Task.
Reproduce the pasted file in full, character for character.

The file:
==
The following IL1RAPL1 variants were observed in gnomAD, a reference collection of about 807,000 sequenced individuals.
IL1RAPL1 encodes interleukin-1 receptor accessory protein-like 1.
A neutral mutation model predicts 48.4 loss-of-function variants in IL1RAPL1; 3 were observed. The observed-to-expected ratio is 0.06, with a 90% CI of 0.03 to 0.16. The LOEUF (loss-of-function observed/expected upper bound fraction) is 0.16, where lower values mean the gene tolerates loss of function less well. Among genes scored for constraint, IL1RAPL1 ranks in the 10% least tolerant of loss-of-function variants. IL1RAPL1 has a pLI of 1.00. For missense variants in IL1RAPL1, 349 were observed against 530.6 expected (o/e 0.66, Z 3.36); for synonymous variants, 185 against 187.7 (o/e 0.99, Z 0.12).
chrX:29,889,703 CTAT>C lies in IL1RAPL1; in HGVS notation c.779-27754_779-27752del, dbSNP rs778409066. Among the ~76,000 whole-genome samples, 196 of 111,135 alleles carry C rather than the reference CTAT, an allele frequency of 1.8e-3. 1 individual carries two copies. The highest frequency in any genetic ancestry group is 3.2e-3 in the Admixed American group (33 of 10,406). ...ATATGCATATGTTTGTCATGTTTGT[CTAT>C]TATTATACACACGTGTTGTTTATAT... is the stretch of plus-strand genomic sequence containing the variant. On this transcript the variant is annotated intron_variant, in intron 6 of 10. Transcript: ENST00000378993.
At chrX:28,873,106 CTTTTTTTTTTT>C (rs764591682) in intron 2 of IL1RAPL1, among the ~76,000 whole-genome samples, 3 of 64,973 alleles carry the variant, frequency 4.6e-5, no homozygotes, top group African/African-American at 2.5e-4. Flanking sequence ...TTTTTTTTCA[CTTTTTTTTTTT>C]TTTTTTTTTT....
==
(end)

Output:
The following IL1RAPL1 variants were observed in gnomAD, a reference collection of about 807,000 sequenced individuals.
IL1RAPL1 encodes interleukin-1 receptor accessory protein-like 1.
A neutral mutation model predicts 48.4 loss-of-function variants in IL1RAPL1; 3 were observed. The observed-to-expected ratio is 0.06, with a 90% CI of 0.03 to 0.16. The LOEUF (loss-of-function observed/expected upper bound fraction) is 0.16, where lower values mean the gene tolerates loss of function less well. Among genes scored for constraint, IL1RAPL1 ranks in the 10% least tolerant of loss-of-function variants. IL1RAPL1 has a pLI of 1.00. For missense variants in IL1RAPL1, 349 were observed against 530.6 expected (o/e 0.66, Z 3.36); for synonymous variants, 185 against 187.7 (o/e 0.99, Z 0.12).
chrX:29,889,703 CTAT>C lies in IL1RAPL1; in HGVS notation c.779-27754_779-27752del, dbSNP rs778409066. Among the ~76,000 whole-genome samples, 196 of 111,135 alleles carry C rather than the reference CTAT, an allele frequency of 1.8e-3. 1 individual carries two copies. The highest frequency in any genetic ancestry group is 3.2e-3 in the Admixed American group (33 of 10,406). ...ATATGCATATGTTTGTCATGTTTGT[CTAT>C]TATTATACACACGTGTTGTTTATAT... is the stretch of plus-strand genomic sequence containing the variant. On this transcript the variant is annotated intron_variant, in intron 6 of 10. Transcript: ENST00000378993.
At chrX:28,873,106 CTTTTTTTTTTT>C (rs764591682) in intron 2 of IL1RAPL1, among the ~76,000 whole-genome samples, 3 of 64,973 alleles carry the variant, frequency 4.6e-5, no homozygotes, top group African/African-American at 2.5e-4. Flanking sequence ...TTTTTTTTCA[CTTTTTTTTTTT>C]TTTTTTTTTT....